Whether you have a long keel or twin keel rudders, there will be pros and cons when it comes to performance. Toby Heppell explores three boats' differences
Boat handling: how to use your yacht’s hull shape to your advantage
Ask any sailor to explain the differing characteristics of hull shapes and they will be full of opinions about the advantages and disadvantages of one boat or another.
But these views are usually clouded by past experience and bias.
Every yacht ever designed is right for someone out there in the world.
Given these deeply held biases, it can be difficult to get accurate representations of what the compromises and benefits that come from certain boat designs actually are.
Taking a data-driven approach to this question can be a very difficult task indeed, so naturally YM set out to do just that.
We set an objective to take three types of boat, broadly reflecting eras of design, and put them through their paces on the water in an attempt to find the idiosyncrasies inherent in each design and measure them.
Although far from a comprehensive overview of all design options available, the three representative styles we settled on were: a long keel with keel-hung rudder, a medium displacement fin keel and skeg, and a modern, wide hull with twin rudders.
We felt these gave a representation of the broad direction in design over the last 50 years, though there are many permutations of hull and keel that were not included.
In an ideal world, we’d have three boats built to the same length at the same time, by the same designer with only the differences listed above to speak of.
However, our proposal for commissioning, designing, building and sailing three brand new yachts for a comparative test was inexplicably shot down by senior management, so we did the next best thing and called up three owners, each with different style of boat to come to Lymington for the day.
We ended up with a Contessa 26, Rustler 37 and Jeanneau 389, and took our chances with the weather.
Boat handling: The three yachts:
Jeanneau Sun Odyssey 389
High-volume hull with lift keel, twin rudders and sail drive
- Name: Windcatcher
- Owner: Flexisail.com
- Year: 2015
- Designer: Marc Lombard
- LOA: 11.75m/38ft 6in
- LWL: 10.40m/34ft 1in
- Beam: 3.76 m/12ft 4in
- Draught: 1.10m-2,25m/ 3ft 7in-7ft 4in
- Displ: 6,920kg/15,256 lbs
- Ballast: 1,769kg/3,900 lbs
- Sail area: 70 m2/754 sq ft
- SA/disp: 19.68
Medium displacement, fin keel and keg-hung rudder
- Name: Andrilott II
- Owner: Tim Stevenson
- Year: 2016
- Designer: Stephen Jones
- LOA: 11.28 m/37ft 0in
- LWL: 9.07m/29ft 9in
- Beam: 3.76 m/12ft 4in
- Draught: 1.91m/6ft 3 in
- Disp: 8,845kg/19500 lbs
- Ballast: 3175kg/7000 lbs
- Sail area: 81 m2/ 871 sq ft
- SA/disp: 19.31
Long keel with keel-hung rudder
- Name: Brizo
- Owner: George Smith
- Designer: David Sadler
- Year: 1965
- LOA: 7.77m/25ft 6in
- LWL: 6.10m/20ft 0in
- Beam: 2.29 m/7ft 6in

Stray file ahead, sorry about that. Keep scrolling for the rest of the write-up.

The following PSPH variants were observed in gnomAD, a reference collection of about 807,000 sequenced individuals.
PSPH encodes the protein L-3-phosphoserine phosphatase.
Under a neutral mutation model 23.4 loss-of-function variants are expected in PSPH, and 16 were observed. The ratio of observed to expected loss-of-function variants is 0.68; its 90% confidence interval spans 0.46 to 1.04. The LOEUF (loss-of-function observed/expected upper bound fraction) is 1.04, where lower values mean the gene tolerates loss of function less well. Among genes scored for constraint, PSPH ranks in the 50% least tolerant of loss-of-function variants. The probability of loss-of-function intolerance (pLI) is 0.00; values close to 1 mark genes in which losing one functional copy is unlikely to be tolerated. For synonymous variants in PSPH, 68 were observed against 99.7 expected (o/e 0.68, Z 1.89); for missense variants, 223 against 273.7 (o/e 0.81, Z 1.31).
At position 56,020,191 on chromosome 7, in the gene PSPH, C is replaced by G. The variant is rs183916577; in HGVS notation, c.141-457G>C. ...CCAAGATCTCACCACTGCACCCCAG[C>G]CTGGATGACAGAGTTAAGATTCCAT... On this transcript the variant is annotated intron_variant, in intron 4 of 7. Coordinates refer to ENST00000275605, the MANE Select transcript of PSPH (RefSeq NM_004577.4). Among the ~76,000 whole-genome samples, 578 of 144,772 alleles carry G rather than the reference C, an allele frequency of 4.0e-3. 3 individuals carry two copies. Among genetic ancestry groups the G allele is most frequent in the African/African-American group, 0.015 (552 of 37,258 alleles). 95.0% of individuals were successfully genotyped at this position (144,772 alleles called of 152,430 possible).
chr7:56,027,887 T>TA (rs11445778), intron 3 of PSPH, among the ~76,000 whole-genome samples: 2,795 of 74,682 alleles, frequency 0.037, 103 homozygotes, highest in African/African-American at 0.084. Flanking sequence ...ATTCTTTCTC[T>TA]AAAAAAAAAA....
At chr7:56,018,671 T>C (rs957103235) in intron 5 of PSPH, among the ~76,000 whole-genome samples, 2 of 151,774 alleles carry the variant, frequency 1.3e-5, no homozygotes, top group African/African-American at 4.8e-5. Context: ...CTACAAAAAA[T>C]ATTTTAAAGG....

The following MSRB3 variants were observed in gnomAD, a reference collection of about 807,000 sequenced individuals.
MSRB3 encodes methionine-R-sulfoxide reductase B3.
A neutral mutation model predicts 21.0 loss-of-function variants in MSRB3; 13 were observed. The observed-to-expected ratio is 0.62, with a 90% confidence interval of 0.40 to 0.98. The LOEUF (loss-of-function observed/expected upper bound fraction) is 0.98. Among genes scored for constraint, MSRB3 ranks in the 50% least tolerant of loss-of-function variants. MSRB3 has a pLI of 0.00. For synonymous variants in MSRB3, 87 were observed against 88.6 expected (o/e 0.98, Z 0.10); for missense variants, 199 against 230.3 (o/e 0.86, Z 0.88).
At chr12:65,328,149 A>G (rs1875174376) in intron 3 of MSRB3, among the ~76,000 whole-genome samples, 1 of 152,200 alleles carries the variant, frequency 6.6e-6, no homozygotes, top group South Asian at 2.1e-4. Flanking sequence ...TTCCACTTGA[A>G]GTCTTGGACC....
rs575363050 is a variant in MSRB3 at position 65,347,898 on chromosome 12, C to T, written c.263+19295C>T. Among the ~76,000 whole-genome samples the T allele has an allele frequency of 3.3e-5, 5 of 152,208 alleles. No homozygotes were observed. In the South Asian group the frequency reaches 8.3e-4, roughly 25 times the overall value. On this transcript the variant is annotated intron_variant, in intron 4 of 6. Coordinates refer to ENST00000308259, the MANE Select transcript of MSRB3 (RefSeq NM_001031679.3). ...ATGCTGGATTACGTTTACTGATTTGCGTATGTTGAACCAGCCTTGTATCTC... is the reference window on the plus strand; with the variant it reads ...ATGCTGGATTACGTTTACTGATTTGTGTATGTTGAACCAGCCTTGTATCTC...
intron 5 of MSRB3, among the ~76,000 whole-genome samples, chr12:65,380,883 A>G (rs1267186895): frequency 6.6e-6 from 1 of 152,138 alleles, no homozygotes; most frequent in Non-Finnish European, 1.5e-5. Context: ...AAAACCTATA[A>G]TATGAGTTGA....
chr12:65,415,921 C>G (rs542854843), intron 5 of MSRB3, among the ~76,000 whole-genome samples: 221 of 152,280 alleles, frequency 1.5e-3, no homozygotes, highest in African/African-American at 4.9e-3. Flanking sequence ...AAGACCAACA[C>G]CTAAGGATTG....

- Draught: 1.21m/4ft 0in
- Disp: 2,449kg/5,400 lbs
- Ballast: 1,043kg/2,300 lbs
- Sail area: 22m2/244 sq ft
- SA/disp: 12.15
How hull shape affects boat handling: methodology
Our aim was to try to make comparisons between the styles of boat without comparing the boats themselves.
Our interest was not in finding out if a Contessa 26 outpoints a Jeanneau 389, rather trying to get to grips with the key characteristics of the different styles, what they delivered in data, and also to evaluate each style of hull with as unbiased a gaze as we could muster.
Sailing the boats against one another is always going to be difficult as the sail setup and rig has such an impact on performance.
For the sailing portion of our test we chose to measure each boat’s apparent wind angle; apparent wind speed; compass heading; course over ground; and speed over ground, both up and downwind. We also set out to record heel and pitch, but in the light airs, these numbers weren’t that revealing.
This data should give an idea of how each boat was performing in the conditions and to see how close-winded each boat was and what their relative leeward drift might be.
For other factors we were more subjective and based it on how we felt each boat performed.
For the manoeuvring both in open sea and a busy marina, the data should be less subject to other forces and should give a better steer as to the differences inherent in the design choices of each boat.
How the boats sailed
On the day of our test, the NNW wind was light – in the high single to low double digits all day – and coupled with a flood tide, gave a very flat, wind-with-tide sea state.
Long, slow upwinds, and downwinds dominated by a significantly reduced apparent wind as the tide washed the boats toward our leeward mark were the order of the day.
Clearly sacrificing so much waterline length to the other two boats, the Contessa 26 was always going to struggle in terms of outright pace.